Religions and Cults

I’ve pretty much finished all the work on religions. These take three forms – monotheistic, polytheistic, and “spirits”, which is the under-the-hood classification for animist/shamanistic beliefs, ancestor worship, and so forth. Hunter-gatherer civilizations are highly biased towards the third category whilst feudal civilizations have a roughly equal chance of producing monotheistic and polytheistic religions. Nomadic civilizations, meanwhile, never have official state religions – made up as they are by peoples from a wide range of places, and given their fluidity as civilizations whose people are generally in near-constant transit, I decided it would be more interesting if they were to often serve as “hubs” where large numbers of religions might be represented, as opposed to their feudal equivalents who may be more restrictive in the religions they’ll allow.


As in the above image, feudal religions have agendas and rewards. I have tried to design these so that you cannot build your game plan around pursuing them – since there will be an overarching “clock” in the game (not a food clock, something else) you will not be able to farm for the rewards that your religion offers, but rather these are things that in the process of playing you might be able to work towards and thereby gain the religion’s rewards. Many religions have agendas that you can pursue by exploring the world, getting access to multiple cities and the like, but carrying out one religion’s wishes may turn others against you. As with most good things in roguelikes, the religious agendas are meant to be a middle-ground between things you can plan for – “I’m going to focus my gameplan around doing X and Y that my religion wants” – coupled with things you cannot plan for, such as which religions might be close to you, which religion you start with, how easy or difficult its agendas will be to carry out, etc. Religions will be one “faction” you can assist, and gain rewards from, or not, depending on the situation and your preference.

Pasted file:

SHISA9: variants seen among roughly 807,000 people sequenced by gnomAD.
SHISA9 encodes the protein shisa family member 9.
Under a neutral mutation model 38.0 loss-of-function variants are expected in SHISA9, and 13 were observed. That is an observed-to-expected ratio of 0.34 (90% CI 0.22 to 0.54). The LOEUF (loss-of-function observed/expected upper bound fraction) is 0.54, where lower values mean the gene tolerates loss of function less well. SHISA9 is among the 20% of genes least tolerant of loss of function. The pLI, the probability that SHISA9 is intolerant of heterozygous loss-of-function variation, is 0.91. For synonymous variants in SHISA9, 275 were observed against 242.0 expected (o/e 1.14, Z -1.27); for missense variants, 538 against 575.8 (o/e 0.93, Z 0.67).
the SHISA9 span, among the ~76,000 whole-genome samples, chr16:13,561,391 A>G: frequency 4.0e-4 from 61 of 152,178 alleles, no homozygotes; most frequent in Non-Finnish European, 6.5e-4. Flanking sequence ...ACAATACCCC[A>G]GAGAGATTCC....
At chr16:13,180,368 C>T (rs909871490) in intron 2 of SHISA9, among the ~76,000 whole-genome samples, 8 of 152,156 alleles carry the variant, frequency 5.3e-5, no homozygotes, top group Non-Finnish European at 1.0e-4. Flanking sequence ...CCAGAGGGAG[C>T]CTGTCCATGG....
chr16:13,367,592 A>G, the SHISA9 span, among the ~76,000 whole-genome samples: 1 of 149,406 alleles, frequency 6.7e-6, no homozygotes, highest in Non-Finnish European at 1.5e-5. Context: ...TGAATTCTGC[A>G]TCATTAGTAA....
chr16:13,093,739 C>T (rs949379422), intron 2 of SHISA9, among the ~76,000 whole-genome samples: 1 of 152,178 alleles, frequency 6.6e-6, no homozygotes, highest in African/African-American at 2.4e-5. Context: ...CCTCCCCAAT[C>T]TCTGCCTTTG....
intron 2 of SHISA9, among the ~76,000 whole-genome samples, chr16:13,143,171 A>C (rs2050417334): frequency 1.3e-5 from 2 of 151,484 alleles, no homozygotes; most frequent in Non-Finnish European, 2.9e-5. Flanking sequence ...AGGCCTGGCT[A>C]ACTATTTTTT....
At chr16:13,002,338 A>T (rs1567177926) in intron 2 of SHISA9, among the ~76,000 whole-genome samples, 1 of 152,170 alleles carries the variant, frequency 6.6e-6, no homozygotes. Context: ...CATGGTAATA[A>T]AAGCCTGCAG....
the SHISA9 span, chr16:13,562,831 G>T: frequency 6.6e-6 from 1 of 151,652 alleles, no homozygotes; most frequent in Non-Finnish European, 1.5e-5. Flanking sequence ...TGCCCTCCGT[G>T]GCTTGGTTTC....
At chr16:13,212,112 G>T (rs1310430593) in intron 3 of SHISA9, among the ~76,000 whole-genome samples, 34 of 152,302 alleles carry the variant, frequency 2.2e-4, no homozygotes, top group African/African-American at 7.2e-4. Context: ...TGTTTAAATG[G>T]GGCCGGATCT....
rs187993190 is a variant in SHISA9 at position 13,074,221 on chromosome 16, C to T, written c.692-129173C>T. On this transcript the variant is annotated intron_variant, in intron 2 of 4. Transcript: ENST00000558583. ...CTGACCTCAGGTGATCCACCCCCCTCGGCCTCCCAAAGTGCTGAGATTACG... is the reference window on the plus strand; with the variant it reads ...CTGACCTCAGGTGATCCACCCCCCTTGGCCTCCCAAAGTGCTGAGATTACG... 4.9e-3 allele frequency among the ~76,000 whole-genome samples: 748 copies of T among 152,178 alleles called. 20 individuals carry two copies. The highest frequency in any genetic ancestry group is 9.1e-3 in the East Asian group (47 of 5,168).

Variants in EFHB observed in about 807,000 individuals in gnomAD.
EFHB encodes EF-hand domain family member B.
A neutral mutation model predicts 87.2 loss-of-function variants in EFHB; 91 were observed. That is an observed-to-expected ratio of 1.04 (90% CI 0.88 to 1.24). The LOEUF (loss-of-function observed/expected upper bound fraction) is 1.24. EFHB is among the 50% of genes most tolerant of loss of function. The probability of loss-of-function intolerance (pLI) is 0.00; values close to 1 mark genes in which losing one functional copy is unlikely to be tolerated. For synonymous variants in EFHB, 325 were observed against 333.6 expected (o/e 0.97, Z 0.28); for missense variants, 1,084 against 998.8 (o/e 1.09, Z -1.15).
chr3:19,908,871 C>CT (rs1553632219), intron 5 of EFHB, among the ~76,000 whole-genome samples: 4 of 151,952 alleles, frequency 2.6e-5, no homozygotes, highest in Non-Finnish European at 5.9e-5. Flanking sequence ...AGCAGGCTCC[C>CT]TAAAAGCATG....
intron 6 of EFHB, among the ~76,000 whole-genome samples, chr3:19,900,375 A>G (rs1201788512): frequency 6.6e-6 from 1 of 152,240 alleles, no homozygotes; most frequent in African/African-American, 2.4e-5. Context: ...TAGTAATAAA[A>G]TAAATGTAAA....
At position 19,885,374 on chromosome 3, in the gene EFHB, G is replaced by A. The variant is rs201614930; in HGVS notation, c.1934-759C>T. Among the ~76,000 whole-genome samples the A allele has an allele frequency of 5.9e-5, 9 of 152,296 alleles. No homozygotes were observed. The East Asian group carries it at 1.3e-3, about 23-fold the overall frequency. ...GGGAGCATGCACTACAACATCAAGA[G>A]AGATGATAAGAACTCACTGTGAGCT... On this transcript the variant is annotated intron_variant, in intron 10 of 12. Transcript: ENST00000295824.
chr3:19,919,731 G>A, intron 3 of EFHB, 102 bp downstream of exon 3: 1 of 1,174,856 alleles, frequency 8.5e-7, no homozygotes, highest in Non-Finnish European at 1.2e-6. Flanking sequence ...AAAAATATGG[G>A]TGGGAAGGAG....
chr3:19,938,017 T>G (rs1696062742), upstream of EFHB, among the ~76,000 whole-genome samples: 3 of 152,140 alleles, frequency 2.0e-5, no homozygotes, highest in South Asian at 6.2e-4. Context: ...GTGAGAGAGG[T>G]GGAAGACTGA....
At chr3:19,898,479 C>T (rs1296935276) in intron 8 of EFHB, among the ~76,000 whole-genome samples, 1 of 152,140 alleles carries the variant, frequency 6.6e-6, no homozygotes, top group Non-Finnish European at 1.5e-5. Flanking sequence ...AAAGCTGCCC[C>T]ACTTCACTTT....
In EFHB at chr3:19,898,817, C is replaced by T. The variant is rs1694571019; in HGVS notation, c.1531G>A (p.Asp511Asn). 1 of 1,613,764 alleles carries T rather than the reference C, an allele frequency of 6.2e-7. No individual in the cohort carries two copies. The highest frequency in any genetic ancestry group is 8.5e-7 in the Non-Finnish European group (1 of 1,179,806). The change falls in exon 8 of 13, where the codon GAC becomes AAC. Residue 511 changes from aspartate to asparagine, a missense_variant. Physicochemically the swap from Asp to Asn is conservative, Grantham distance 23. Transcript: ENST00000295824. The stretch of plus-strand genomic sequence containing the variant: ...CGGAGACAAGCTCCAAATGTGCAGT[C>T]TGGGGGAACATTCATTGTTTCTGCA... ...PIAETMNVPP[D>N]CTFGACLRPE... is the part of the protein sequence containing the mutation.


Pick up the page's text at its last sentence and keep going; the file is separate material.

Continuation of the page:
Religions can all now be viewed in the in-game encyclopedia once you’ve discovered that religion. Monotheistic and animist religions can fit all their information on one page, whilst you can use Tab to cycle through the gods in polytheistic religions (as below). For monotheistic and polytheistic religions, the symbols or items that individual deities carry are dependent on what their worship entails; an agriculture god may have a sheaf of wheat, a war god an axe, and so on and so forth.


The last part of religions I need to finish off for this release are the spread of religions, but I think this might need a reasonably sophisticated mechanic. In the end it would be interesting if you could view the spread of each religion on the world map (i.e. switch between religions, as many may overlap) so that you can see where in the world you might meet with a positive response, and where else you might meet with a rather less positive one. However, depending on how complex I want to make that system, that might get relegated to a future release or not. Currently hard to say. Some religions appreciate the player spreading their religion to other nations – setting up altars, encouraging nobles to allow the religion to exist within their borders, etc – so such data about the spread of religions will be important for that, though I still need to desire exactly how that mechanic is going to work.